Overhead view of a woman setting up in the bench press position
powerlifting

What Muscles does the Bench Press work?

How many Muscles does Bench Pressing work?

The bench press is the king of the pressing lifts. Anyone who tells you it’s the overhead press is an arsehole because it’s a largely impossible lift to lift a lot of weight in.

It’s a complete compound exercise that utilises virtually every muscle in your upper body (to some extent), it’s an absolute essential in any strength or muscle building program.

Overhead view of a woman setting up in the bench press position

To bench press effectively you must have an incredibly tight setup. You incorporate leg drive, push your lats back into the bench and force the bar up utilising all the above.

Your pectorals and anterior deltoids and the primary muscle groups in this lift. Also known as the agonists. But without a strong support network around them, you’ll get nowhere near your absolute max.

The group of muscles in the support network include:

  • Latissimus dorsi
  • Serratus anterior
  • Triceps
  • Rhomboids

These secondary muscles are called the synergists.

But clearly bench pressing isn’t an effective way to train your legs. This is more to help you understand just how much goes into the bench press. It’s not an ego-lift.

That’s a beginner misnomer compounded by the guys who squat and deadlift more often. Sad little men annoyed they can’t bench press 300lbs.

Get trapped under a heavy weight and then see what you think.

Muscles worked in the Bench Press?

Muscles Worked Degree Benefits
Pectorals High Overall chest pressing strength
Anterior Deltoids High Overall pressing strength
Latissimus Dorsi Medium Pressing stability and power ‘in the hole’
Triceps Medium Lockout strength at the top of the lift
Serratus Anterior Medium – Low Stability (and looking shredded)
Rhomboids Low Scapular retraction
Coracobrachialis Low Horizontally adducting the shoulder blades
Core Low Stabilisation

The bench press really does work almost every muscle in your upper body to some extent.

Outside of your biceps, you’ll feel it in all of your major muscle groups. It promotes complete pressing strength, arm size, upper body power production and definitely tightens t-shirts.

Muscular man posing for the camera

What’s not to like?

Now Read: What Muscles does Squats work or What Muscles Do Deadlifts work?

Powerlifting vs Bodybuilding Bench Pressing

Benching for powerlifting is significantly different to bodybuilding bench pressing. The two goals are very different.

But that doesn’t mean one can’t be of use to the other.

Whilst the primary goal in powerlifting is to lift the most weight, you can’t consistently be training to hit a new 1RM PR or to failure. You need to build volume and train both types of hypertrophy:

  • Sarcoplasmic: Primarily a bodybuilding style of hypertrophy that occurs with high repetition, low weight training. Much less taxing on your CNS and a core component of both bodybuilding and powerlifting training as it helps you gain size and strength in the long-term.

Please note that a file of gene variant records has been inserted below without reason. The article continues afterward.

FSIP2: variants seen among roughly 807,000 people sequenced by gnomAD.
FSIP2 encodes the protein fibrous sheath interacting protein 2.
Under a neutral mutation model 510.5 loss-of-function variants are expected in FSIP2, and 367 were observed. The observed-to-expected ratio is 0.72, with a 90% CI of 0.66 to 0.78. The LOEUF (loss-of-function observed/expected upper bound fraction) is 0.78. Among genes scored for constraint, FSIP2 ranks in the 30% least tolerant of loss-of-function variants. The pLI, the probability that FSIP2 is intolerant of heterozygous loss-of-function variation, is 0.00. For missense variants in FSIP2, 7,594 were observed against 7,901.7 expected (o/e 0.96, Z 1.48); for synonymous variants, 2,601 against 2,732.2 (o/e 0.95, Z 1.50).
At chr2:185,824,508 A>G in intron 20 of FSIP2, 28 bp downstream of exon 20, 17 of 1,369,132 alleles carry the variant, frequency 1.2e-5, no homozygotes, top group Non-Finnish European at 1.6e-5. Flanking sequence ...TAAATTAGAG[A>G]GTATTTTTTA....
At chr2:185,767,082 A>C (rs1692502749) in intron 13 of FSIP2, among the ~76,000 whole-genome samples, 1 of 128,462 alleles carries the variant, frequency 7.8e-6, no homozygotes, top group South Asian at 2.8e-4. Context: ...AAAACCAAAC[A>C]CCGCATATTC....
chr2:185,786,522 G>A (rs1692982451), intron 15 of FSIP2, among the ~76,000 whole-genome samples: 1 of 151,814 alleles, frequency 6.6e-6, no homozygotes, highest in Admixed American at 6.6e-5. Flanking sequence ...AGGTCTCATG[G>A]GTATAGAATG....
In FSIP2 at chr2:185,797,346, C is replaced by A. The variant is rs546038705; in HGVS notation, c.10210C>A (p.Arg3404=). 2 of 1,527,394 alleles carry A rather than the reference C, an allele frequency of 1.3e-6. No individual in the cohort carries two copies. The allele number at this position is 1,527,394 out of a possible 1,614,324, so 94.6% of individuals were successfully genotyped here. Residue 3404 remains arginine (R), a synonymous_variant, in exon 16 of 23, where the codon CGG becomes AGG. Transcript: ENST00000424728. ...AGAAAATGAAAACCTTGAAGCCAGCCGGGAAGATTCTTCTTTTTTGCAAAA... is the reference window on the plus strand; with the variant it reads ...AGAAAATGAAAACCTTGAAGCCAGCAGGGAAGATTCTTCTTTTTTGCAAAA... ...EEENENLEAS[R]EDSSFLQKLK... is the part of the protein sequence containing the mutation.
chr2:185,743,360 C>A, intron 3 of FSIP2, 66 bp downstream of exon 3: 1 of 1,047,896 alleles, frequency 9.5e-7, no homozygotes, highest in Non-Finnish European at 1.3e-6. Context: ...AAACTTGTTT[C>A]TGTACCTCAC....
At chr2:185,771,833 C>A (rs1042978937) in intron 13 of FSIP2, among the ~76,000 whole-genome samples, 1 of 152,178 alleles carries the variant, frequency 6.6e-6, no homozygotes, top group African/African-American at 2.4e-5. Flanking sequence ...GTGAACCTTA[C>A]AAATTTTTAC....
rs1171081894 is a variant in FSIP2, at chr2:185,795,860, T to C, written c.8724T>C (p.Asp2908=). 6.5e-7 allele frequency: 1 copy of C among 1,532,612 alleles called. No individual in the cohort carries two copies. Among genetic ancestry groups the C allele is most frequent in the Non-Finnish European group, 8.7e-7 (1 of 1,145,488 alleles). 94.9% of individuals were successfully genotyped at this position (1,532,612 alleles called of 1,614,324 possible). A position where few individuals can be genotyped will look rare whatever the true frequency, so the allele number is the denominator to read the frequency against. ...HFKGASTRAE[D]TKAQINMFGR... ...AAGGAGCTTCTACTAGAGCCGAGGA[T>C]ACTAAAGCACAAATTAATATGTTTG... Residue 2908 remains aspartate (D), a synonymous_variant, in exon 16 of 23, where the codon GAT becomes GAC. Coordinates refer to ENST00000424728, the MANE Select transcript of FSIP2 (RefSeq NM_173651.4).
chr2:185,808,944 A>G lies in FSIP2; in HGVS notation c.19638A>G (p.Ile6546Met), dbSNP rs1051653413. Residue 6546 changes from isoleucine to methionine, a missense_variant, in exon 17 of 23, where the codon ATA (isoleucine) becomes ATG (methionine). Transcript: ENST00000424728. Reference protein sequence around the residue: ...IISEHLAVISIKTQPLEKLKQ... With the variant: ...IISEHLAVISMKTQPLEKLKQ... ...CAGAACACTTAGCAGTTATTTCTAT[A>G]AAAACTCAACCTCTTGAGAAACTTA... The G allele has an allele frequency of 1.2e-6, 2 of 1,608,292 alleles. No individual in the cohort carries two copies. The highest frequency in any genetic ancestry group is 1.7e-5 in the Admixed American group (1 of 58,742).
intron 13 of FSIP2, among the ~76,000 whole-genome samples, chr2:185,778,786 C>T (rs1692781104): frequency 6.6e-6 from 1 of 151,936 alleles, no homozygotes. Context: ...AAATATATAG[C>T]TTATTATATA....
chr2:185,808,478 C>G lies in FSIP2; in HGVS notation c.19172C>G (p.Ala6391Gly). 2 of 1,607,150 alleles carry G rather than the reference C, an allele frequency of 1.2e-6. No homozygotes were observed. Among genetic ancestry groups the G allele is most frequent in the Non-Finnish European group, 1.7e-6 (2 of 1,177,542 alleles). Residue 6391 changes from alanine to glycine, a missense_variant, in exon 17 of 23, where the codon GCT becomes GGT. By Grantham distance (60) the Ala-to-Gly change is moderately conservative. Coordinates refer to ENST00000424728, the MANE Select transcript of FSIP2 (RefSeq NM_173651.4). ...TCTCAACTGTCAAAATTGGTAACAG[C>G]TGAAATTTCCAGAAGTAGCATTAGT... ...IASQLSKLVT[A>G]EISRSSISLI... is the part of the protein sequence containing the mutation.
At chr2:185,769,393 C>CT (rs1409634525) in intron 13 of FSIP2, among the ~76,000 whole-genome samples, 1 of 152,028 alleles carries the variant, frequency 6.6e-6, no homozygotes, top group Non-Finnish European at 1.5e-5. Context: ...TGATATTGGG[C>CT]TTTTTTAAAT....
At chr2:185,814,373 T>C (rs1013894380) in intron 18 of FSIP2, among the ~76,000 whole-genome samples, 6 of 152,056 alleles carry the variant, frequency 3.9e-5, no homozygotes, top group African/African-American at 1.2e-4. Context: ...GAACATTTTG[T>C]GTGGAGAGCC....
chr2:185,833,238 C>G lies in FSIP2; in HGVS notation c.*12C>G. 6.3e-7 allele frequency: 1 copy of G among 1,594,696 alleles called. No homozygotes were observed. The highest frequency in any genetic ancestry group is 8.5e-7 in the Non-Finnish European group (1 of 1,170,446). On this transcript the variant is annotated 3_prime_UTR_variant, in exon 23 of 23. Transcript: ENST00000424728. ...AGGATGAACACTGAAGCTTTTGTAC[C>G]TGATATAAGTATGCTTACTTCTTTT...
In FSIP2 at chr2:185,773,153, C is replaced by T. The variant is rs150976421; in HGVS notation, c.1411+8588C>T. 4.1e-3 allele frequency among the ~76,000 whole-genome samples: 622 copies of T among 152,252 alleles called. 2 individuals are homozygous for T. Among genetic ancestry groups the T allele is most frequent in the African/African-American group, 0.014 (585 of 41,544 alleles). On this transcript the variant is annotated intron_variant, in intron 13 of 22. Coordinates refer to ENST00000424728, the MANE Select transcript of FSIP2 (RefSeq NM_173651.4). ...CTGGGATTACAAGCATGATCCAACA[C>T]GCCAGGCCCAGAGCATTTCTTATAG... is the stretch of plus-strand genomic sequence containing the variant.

• Myofibrillated: A style of hypertrophy stimulated with heavy weights and low repetitions. Typically lower than 6 reps and > 85% of your 1RM and more consistent with powerlifting style training.

But both styles of training can be very effective for both sports. To be an elite level powerlifter you need to build size and strength. But you can’t always rely on myofibrillated hypertrophy because it increases your propensity for injury.

Higher rep, lower weight sets drive muscular growth and are far less taxing. It’s much easier to cram volume in with controlled, lighter sets that make you focus on the mind-muscle connection.

If you’d like to know more on the topic, then my powerlifting vs bodybuilding article is a more comprehensive look at the two forms of weightlifting.

Barbell Bench Press vs Dumbbell Bench Press

Whilst both variations work largely the same muscle groups, there are subtle differences between the two types of bench pressing.

Utilising dumbbells means:

  1. You’re forced to use a lower weight
  2. You focus on the mind-muscle connection
  3. Requires greater shoulder stability
  4. Increases the ROM (range of motion) you’re able to use

Barbell bench pressing means:

  1. You can use more weight because the barbell is far more stable
  2. There’s more opportunity to train for pure strength
  3. Greater variations available

Again, both have their place.

Dumbbell pressing is better for lower weight, higher-repetition training. The mind-muscle connection and higher-repetition sets are optimal for bodybuilding style muscle growth. Essentially ‘the pump.’

A close up image of a varying weight dumbbell set to 20kg

The greater range of motion and lower weight allows you to fully focus on the contraction. The individual weights foster a lifting environment where

So using this in the hypertrophy portion of your training in a powerlifting sense allows you to control the possibility of overtraining whilst cramming in more volume under your MRV.

You also need to understand periodisation and how to manipulate volume and intensity over time to get stronger.

Bodybuilding is more focused on the pump. The higher-rep training. But there’s equally a place for sarcoplasmic hypertrophy.

You’ll never feel as thicc* as when you properly utilise heavy weight compound movements properly. Without proper size, you’ll never be able to model your frame into an elite, or even good, level bodybuilder.

The number of variations available mean barbell pressing is ideally suited for improving your weak points and isolating portions of the lift. Close grip pressing improves the lockout portion of your lift, wide-grip improves power out of the hole etc.